Ferris Bueller's Day Off
Bueller... Bueller... Edition
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“Bueller…Bueller…?” Sorry, not here! Instead, high-schooler Ferris Bueller (Mathew Broderick), his girlfriend Sloane (Mia Sara), and his best bud Cameron (Alan Ruck) are off on the spontaneous romp through Chicago known as Ferris Bueller’s Day Off. You’ll also enjoy righteous bonus materials that give you an insider’s peek at this hilarious comedy hit from John Hughes (Planes, Trains & Automobiles, Sixteen Candles). So, barf up a lung, forge a “sick note” from the parents, and tag along on the funniest adventure to ever sweep through the Windy City. What are you still doing here? Save Ferris!
Blu-ray disc comes in O-sleeve slip-cover packaging.
Like a soda pop left open all night, Bueller seems to have lost its effervescence over time. Sure, Matthew Broderick is still appealing as the perennial truant, Ferris, who fakes his parents out and takes one memorable day off from school. Jeffrey Jones is nasty and scheming as the principal who's out to catch him. Jennifer Grey is winning as Ferris's sister (who ends up making out in the police station with a prophetic vision of Charlie Sheen). But there's a definite sense that this film was of a particular time frame: the '80s. It's still fun, though. There's Ferris singing "Twist and Shout" during a Chicago parade, and a lovely sequence in the Art Institute. But don't get it and expect your kids to love it the way you did. Like it or not, it's yours alone. --Keith Simanton
Stills from Ferris Bueller's Day Off (Click for larger image)
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- The Cast of Ferris Bueller's Day Off
- The Making of Ferris Bueller's Day Off
- Who is Ferris Bueller?
- The World According to Ben Stein
- Vintage Ferris Bueller: The Lost Tapes
- Class Album
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Top customer reviews
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The reunion clips were excellent. The sound track was excellent... as anyone familiar with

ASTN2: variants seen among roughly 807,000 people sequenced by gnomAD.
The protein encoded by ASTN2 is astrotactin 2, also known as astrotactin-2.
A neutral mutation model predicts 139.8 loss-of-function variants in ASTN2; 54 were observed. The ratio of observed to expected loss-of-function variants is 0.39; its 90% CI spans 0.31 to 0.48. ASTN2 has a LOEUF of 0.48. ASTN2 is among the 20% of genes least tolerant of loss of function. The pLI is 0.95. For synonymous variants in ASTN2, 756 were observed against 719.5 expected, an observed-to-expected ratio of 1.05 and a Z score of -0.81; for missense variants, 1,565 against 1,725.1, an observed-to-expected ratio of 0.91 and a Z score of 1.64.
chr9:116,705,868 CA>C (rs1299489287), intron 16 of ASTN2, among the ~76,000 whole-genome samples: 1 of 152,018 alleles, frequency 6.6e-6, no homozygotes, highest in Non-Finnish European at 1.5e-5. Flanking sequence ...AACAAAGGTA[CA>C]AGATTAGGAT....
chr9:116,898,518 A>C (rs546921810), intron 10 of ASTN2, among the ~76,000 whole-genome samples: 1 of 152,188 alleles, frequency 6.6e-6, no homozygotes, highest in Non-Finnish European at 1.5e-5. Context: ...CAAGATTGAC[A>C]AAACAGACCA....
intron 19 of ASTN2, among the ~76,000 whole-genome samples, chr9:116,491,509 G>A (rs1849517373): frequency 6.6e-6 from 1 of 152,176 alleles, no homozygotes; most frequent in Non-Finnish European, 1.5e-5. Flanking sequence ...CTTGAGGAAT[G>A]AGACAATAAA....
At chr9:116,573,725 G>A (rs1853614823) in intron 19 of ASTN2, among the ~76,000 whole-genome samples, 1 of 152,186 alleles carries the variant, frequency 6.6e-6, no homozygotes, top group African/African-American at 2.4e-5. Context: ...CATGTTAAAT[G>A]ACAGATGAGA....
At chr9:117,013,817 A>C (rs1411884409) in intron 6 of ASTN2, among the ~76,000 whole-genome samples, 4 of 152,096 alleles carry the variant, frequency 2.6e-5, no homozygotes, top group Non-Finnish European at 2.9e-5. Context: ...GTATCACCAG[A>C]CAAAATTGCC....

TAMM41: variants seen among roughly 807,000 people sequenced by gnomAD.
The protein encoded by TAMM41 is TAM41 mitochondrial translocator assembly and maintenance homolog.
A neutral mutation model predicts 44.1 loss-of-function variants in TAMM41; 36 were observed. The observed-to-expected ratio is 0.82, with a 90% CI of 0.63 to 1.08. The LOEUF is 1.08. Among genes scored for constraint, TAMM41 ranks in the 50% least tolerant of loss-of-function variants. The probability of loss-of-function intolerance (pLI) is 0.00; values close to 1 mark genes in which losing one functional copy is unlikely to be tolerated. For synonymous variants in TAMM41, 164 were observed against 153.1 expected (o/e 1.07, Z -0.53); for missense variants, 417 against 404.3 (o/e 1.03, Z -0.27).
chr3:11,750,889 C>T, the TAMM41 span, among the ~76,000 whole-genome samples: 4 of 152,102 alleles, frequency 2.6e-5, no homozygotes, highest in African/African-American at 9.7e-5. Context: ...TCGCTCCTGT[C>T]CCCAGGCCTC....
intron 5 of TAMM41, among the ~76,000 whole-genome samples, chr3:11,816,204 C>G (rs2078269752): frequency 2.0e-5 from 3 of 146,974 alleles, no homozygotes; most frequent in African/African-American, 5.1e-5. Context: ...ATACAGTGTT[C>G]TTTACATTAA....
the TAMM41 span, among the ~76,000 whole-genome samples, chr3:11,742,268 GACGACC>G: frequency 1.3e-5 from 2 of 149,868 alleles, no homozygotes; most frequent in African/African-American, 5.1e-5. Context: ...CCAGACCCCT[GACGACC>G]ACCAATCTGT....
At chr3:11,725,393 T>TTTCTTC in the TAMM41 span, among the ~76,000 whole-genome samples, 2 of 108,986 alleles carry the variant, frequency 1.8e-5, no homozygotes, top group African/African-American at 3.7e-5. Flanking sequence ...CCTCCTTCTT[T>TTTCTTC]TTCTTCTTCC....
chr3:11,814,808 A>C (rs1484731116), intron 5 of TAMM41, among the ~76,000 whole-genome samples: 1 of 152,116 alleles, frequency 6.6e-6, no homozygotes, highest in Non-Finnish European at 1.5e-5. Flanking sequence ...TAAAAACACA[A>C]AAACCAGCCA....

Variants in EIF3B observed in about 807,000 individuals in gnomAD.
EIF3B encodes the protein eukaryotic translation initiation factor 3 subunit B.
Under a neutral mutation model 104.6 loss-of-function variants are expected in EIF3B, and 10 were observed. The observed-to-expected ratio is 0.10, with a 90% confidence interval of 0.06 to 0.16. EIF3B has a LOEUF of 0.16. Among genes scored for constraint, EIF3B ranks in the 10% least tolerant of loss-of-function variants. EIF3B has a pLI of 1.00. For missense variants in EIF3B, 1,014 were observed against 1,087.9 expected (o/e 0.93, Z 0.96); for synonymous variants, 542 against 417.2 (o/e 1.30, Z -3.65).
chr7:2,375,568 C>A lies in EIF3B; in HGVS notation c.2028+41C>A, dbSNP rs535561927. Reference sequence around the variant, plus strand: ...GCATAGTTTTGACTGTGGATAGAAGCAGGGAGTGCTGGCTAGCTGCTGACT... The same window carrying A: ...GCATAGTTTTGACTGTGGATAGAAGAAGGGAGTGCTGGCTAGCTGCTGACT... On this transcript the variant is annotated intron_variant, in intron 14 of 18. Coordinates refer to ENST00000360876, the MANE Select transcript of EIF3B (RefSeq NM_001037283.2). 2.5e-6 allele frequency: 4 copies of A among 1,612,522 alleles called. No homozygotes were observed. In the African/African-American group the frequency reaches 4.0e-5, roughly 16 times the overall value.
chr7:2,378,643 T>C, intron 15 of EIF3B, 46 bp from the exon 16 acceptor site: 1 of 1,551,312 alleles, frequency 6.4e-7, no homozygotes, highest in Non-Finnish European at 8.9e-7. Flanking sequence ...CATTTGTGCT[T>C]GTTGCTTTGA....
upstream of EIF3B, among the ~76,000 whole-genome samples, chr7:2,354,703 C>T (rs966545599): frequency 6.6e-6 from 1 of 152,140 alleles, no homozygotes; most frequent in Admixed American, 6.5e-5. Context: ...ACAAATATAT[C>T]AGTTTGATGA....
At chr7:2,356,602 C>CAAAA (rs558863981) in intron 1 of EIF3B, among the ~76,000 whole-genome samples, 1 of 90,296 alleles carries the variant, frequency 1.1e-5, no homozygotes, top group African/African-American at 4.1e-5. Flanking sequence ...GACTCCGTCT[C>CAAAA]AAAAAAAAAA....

the film knows.
I might add that the price was also a factor in my decision for an upgrade to the HD-version.
What a CLASSIC! Worth a watch.... every spring... when the fever gets ya!
This is a character driven movie, and all of the characters are performed extremely well. There's a ton of classic character moments that ended up being iconic even removed from the film. Even the bit part players, like Ben Stein and Charlie Sheen, do an utterly excellent job at their roles. Although in more than a few ways you could say that those two ended up basically playing themselves to some degree.
The main plot of the movie is about Ferris Bueller playing cookie from school to have an adventure with his girlfriend, and his legitimately sick best friend. Their principal, performed wonderfully, attempts to catch Ferris in the act after catching him hacking his school record in real time. All sorts of shenanigans follow, and it's just a fun ride front to back.
It's obviously a period piece, in that there's no mistaking it for an 80's film. But it still has a timeless quality to the storytelling. The idea of rebellious youth is something that is always going to have a place. And this film is just a real crowd pleasing kind of movie. If you've not seen it before, check it out if it sounds even vaguely interesting to you.
Make no mistake though, this film is not actually about Ferris but about his best friend Cameron, a repressed teen so sunk in hypochondriacal ennui you wonder why he doesn't just wink out of existence. But Ferris, though his main reason for stirring Cameron out of his slough of despond is in order to secure transportation for the day, is not wholly devoid of altruistic feeling. He puts a fair amount of effort into trying to get Cameron to respond to life, first by running a scam on Mr. Rooney and then…well, that's where the adventure begins.